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Liberals, Conservatives, and Change

Here’s a report of research that allegedly finds that the brains of persons who describe themselves as "liberal" are wired differently than are the brains of those persons who describe themselves as "conservative."

I’m incompetent to judge the quality of such research (and, indeed, I’ve read only this one report on the research, not the research itself).  Still, I offer an observation below.  The crux of the research finding is reported in these paragraphs:

Using electroencephalographs, which measure neuronal impulses, the
researchers examined activity in a part of the brain — the anterior
cingulate cortex — that is strongly linked with the self-regulatory
process of conflict monitoring.

The match-up was unmistakable: respondents who had described themselves
as liberals showed "significantly greater conflict-related neural
activity" when the hypothetical situation called for an unscheduled
break in routine.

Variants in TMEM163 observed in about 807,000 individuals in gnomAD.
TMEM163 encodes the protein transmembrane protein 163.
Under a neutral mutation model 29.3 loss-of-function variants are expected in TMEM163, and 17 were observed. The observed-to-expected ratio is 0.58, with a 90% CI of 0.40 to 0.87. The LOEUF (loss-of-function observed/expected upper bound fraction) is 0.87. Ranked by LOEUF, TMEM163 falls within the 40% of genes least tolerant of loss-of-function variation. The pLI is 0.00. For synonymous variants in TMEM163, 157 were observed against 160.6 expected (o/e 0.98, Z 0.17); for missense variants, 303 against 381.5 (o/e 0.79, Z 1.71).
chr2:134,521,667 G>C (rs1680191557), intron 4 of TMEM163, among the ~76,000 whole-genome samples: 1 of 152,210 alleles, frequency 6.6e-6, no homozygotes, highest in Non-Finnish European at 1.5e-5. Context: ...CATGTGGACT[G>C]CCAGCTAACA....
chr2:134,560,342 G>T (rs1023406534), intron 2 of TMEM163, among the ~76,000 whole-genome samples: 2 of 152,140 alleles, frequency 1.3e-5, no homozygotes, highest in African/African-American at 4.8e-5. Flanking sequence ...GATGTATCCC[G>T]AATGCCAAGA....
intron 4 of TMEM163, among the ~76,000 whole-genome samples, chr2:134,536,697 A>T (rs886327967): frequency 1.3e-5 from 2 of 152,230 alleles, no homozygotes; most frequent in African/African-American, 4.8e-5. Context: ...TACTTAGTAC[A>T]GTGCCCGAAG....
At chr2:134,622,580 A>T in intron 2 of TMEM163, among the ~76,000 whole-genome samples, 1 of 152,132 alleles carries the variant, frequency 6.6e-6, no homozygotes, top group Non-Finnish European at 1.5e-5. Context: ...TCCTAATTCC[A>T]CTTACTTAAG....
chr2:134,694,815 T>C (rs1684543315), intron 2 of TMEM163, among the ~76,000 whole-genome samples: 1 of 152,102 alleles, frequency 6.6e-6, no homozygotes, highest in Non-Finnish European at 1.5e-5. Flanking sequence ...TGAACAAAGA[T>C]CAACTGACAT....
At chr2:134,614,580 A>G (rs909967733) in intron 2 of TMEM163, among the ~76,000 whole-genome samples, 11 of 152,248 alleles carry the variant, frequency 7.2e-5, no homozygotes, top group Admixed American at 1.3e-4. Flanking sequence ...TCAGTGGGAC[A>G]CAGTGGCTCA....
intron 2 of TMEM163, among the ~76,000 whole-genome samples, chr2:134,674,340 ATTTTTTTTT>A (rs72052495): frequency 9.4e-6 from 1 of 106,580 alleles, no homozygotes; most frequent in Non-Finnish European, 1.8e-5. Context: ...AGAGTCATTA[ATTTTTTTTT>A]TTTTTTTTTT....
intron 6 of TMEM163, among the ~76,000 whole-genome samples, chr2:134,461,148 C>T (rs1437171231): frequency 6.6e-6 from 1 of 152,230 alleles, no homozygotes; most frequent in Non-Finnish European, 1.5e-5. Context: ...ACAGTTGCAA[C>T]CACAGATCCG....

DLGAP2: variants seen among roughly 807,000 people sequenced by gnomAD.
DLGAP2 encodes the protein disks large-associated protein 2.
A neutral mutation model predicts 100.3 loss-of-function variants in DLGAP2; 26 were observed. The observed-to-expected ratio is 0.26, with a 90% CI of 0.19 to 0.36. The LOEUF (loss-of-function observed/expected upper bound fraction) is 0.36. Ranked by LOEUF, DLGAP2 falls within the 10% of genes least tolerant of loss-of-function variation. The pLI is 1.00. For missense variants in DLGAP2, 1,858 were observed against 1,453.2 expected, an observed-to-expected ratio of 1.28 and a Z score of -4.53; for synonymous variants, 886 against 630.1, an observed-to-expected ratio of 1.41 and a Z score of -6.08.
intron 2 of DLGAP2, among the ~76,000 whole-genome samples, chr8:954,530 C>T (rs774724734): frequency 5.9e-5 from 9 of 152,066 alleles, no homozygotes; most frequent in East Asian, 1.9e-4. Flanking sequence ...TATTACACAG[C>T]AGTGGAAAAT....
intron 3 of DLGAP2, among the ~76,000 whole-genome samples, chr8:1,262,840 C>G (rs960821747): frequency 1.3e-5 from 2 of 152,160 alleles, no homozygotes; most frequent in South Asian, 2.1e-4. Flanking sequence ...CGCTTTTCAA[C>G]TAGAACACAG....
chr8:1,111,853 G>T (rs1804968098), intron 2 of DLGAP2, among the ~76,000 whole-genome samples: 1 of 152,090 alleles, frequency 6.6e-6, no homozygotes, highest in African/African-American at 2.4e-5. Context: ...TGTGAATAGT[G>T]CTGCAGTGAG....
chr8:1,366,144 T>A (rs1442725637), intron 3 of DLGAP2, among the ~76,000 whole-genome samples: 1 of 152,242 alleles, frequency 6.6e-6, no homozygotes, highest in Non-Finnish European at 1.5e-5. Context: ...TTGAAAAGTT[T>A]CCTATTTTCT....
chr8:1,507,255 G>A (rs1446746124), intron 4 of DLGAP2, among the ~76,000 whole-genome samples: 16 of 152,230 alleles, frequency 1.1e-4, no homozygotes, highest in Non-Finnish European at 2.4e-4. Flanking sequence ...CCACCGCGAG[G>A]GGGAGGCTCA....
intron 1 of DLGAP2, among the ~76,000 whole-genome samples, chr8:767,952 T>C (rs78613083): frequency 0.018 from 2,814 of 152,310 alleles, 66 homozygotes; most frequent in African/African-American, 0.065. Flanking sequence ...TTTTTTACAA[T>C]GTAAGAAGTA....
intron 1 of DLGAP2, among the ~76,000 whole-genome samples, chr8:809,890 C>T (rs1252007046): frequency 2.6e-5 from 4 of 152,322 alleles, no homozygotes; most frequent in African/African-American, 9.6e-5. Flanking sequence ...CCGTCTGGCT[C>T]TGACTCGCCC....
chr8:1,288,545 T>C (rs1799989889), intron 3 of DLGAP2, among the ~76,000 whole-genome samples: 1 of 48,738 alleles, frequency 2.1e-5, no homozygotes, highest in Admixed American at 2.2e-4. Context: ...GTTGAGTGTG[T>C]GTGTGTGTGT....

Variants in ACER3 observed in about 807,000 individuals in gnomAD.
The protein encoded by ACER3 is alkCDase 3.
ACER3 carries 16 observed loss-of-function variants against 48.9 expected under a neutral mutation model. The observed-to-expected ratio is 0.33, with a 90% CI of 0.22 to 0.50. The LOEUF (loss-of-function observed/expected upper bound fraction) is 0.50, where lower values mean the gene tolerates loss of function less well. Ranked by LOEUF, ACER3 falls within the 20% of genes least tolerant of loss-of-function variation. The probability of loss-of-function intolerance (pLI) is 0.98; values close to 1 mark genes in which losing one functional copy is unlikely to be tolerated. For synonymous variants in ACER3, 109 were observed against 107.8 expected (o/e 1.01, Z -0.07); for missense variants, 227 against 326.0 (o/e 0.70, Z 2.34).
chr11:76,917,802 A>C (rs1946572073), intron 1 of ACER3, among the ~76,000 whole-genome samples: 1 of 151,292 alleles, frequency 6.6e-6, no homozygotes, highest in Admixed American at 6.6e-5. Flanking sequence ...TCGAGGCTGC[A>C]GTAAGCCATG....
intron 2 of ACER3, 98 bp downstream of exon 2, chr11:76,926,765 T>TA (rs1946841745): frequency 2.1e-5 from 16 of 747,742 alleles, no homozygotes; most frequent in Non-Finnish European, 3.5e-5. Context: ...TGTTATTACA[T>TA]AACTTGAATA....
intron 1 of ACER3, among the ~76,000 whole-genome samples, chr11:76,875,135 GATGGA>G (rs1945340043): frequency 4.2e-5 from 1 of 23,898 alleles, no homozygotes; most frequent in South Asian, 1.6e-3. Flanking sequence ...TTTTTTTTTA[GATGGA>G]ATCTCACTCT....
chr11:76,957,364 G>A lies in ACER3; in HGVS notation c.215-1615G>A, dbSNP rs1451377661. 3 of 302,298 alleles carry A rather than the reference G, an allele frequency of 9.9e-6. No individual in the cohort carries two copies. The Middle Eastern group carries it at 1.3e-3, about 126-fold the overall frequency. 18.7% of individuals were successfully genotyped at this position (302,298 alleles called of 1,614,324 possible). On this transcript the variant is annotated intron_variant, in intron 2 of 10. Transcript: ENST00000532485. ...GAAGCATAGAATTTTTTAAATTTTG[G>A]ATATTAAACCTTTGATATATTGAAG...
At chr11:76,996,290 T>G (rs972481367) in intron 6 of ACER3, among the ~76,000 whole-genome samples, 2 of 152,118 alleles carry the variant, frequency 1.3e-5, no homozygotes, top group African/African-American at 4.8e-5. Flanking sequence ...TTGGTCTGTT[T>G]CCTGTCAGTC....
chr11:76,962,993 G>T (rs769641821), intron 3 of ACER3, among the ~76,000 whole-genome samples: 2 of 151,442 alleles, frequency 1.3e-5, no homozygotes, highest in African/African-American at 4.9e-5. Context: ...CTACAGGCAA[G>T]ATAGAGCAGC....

Conservatives, however, were less flexible, refusing to deviate from
old habits "despite signals that this … should be changed."

Seems plausible.  But I’m very reluctant to draw conclusions from this study if only because of the ambiguity of the terms "conservative" and "liberal."  In the English-speaking world, many people who favor free markets and who are suspicious of top-down planning call themselves "conservative".  And yet these persons generally are much more tolerant of the inherent uncertainties of market processes than are many (most?) persons who call themselves "liberal."  Many modern, self-described "liberals" worry that changes from familiar patterns — for example, changes in the types of industry that flourish in a country; changes in the pattern of "income distribution"; changes in the natural environment — are so likely to cause problems that "liberals" want government to use its powers to try to avoid or, at least, to moderate these changes.  (Modern "liberals," note, are much more likely than are modern "conservatives" to endorse the application of the "precautionary principle.")

I am not saying here that all modern liberals are fearful of markets and that all modern conservatives celebrate, or even tolerate, markets’ dynamism and change.  My point is merely that it is a gross error to suppose that people today who self-identify as "liberals" welcome change while people who self-identify as "conservatives" do not.


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